Knowledge about the impact of sound intensity in ICU is very limited, and our study aims to analyze sleep and sound objectively. A high prevalence of noise complaints from ICU patients has been reported in several previous studies [12–14, 22, 23]. Poor sleep is considered a major concern in the ICU because of its potential interaction with other psychological and somatic diseases and its impact on rehabilitation [14, 22, 23].
Sleep may be disturbed by multiple factors in ICU patients: pain [24, 25], high temperature , lighting , stress [24, 25], metabolic functions , the impact of mechanical ventilation [24, 29], adverse effects of some medications , and also by noise [31, 32]. However, it is unclear which sources of sound intensity are linked to the pathogenesis of sleep disturbance in ICU .
Using our miniaturized multi-channel ambulatory recording device, we succeeded in recording appropriately the different parameters necessary to score sleep in 30-s intervals in all our subjects. This miniaturized system is better tolerated than other standardized and larger PSG systems previously used in ICU and the shorter electrodes reduce interference.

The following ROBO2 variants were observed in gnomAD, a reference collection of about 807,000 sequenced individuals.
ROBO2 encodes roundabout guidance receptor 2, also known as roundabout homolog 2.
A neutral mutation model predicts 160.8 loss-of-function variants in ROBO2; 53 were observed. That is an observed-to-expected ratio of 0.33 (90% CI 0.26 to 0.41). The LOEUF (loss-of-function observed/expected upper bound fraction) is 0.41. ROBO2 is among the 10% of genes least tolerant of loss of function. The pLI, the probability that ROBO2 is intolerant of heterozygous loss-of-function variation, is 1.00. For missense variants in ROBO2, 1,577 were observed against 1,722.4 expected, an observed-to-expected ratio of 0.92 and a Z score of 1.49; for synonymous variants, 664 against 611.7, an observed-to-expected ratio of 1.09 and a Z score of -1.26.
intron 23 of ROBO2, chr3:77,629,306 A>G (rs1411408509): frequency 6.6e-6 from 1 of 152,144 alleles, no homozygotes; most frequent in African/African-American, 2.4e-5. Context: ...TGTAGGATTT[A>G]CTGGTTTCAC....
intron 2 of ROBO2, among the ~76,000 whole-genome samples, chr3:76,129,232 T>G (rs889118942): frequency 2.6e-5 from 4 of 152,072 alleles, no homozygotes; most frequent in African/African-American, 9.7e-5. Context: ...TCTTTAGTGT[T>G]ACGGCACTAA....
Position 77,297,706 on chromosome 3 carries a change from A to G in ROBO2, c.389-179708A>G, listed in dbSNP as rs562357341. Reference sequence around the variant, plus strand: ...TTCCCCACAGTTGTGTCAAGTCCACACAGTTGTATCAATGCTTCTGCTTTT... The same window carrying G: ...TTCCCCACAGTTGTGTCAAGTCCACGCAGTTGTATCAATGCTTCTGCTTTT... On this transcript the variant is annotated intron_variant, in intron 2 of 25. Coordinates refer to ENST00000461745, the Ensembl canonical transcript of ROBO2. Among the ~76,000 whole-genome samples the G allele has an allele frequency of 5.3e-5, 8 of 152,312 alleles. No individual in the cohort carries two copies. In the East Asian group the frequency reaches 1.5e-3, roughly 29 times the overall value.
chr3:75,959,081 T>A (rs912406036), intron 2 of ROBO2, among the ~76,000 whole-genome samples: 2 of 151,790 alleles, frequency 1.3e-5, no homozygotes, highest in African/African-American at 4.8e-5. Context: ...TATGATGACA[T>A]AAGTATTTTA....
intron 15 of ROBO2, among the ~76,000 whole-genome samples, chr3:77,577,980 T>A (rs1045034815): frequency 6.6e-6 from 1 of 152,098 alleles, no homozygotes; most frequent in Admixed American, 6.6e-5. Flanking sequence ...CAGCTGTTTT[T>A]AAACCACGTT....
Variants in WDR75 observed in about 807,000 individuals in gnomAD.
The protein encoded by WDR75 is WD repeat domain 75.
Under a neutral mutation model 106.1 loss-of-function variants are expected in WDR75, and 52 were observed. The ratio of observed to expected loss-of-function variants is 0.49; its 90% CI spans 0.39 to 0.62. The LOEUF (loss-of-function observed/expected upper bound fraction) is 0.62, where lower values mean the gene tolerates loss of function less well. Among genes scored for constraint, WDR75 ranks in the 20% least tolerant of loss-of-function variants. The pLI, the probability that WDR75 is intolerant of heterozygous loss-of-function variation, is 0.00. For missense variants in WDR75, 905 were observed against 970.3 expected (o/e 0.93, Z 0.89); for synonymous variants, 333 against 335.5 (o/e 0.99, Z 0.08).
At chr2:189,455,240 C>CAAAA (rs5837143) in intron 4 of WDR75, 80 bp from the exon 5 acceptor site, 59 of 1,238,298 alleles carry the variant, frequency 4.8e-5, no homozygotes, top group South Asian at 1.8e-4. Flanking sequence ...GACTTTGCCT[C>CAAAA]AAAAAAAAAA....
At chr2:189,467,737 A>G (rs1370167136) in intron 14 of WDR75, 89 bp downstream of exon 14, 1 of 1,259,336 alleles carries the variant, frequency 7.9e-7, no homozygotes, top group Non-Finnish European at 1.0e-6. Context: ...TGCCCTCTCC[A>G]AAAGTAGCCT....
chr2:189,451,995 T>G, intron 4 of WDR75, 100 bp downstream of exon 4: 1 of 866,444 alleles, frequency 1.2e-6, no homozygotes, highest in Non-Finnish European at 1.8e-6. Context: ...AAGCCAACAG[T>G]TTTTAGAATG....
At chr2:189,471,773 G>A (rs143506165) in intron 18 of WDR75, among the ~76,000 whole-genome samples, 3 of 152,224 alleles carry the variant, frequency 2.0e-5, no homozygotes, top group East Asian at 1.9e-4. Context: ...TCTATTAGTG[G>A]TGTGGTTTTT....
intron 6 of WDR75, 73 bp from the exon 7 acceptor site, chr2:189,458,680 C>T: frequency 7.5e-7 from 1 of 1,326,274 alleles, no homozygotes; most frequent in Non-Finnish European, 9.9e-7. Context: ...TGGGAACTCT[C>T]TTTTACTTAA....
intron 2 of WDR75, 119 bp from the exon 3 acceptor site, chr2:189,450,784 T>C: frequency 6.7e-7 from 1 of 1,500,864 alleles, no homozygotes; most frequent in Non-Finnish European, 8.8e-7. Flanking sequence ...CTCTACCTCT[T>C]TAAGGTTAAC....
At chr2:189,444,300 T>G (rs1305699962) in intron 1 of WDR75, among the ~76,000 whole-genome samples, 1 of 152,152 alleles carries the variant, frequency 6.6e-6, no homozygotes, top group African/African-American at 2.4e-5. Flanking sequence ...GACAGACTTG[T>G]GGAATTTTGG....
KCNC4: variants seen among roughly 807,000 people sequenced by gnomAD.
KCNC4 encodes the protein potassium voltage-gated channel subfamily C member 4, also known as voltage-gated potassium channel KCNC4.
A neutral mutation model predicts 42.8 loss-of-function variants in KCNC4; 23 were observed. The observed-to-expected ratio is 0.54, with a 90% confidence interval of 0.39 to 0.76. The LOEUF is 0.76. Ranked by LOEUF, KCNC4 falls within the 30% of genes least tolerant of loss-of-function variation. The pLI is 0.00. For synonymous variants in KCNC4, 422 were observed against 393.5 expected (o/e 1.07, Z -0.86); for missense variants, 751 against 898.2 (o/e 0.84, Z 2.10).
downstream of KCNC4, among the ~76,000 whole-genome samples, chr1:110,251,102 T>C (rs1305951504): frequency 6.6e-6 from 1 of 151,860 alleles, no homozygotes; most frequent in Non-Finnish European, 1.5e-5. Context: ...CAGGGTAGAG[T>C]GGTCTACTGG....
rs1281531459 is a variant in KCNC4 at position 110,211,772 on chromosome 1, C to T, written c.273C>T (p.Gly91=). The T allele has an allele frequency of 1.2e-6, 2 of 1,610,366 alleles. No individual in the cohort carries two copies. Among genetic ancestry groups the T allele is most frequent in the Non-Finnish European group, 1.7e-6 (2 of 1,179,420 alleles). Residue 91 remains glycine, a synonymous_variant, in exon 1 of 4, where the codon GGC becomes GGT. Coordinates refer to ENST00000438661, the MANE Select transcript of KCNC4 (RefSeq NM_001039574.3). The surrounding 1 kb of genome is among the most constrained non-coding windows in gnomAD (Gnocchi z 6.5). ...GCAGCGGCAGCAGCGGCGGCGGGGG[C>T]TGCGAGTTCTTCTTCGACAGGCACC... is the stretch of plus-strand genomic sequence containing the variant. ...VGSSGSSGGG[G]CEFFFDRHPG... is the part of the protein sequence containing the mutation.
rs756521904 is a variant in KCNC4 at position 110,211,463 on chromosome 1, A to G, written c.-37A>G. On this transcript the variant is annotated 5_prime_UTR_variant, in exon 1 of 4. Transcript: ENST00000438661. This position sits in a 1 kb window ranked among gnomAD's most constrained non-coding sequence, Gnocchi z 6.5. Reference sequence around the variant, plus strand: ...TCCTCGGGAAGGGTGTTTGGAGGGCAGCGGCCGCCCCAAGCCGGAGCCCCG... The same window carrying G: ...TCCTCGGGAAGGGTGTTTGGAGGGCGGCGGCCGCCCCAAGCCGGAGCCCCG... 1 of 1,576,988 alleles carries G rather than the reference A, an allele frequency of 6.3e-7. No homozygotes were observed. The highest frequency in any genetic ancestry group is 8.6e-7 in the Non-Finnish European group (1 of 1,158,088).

Overall this study showed a fairly normal TST in subjects aged 64.2 ± 13.6 years—with a median of 502.2 [283.2–718.9] min and with a median nocturnal sleep of 356.9 min [188.6–590.9] and median daytime sleep of 168.5 [142.5–243.3] This TST is quite similar to the natural level (around 360 min per night) found in a meta-analysis of 65 PSG studies including 3577 healthy subjects (ranging from 5 to 102 subjects, mean age 65 years old) . Of note, this meta-analysis gave no reference to 24-h sleep, which has only been estimated subjectively by epidemiological surveys at around 440 min in the general adult population .
Twenty-four hour TST is arguably a better measurement to consider in ICU patients as they are on continuous bed rest (except when activated or mobilized by staff) and their sleep may not follow a mono-episodic profile. In our group as mentioned above, patients slept an average of 6 h at night, but also a median of 2.5 h during the day (168.5 min [142.5–243.3]). One previous study assessed day and night sleep over 24 h and found an altered circadian rhythm . Assessing 24 h sleep is crucial to a better understanding of the impact of sleep on ICU prognosis as subjects clearly take daytime naps and promoting sleep in ICU patients may take advantage of this opportunity.
Sleep quality was disturbed more than sleep quantity in our patients. The median N3 percentage was 6.5% [0–23.6] compared to 26.1% , and median REM sleep 3.9% [0–10.1] vs. 20% . This poor quality has been reported previously [10, 35, 36]. In our study, we observe a significant link between sleep changes and arousals and noise, suggesting a partial explanation for lack of N3 and REM sleep.
REM sleep represented only 4% of TST during the 24 h, which is lower than the usual rate in normal sleepers (15–20%) . N3 sleep represented 9% of TST, also lower than the usual percentage in normal sleepers (15–20%) .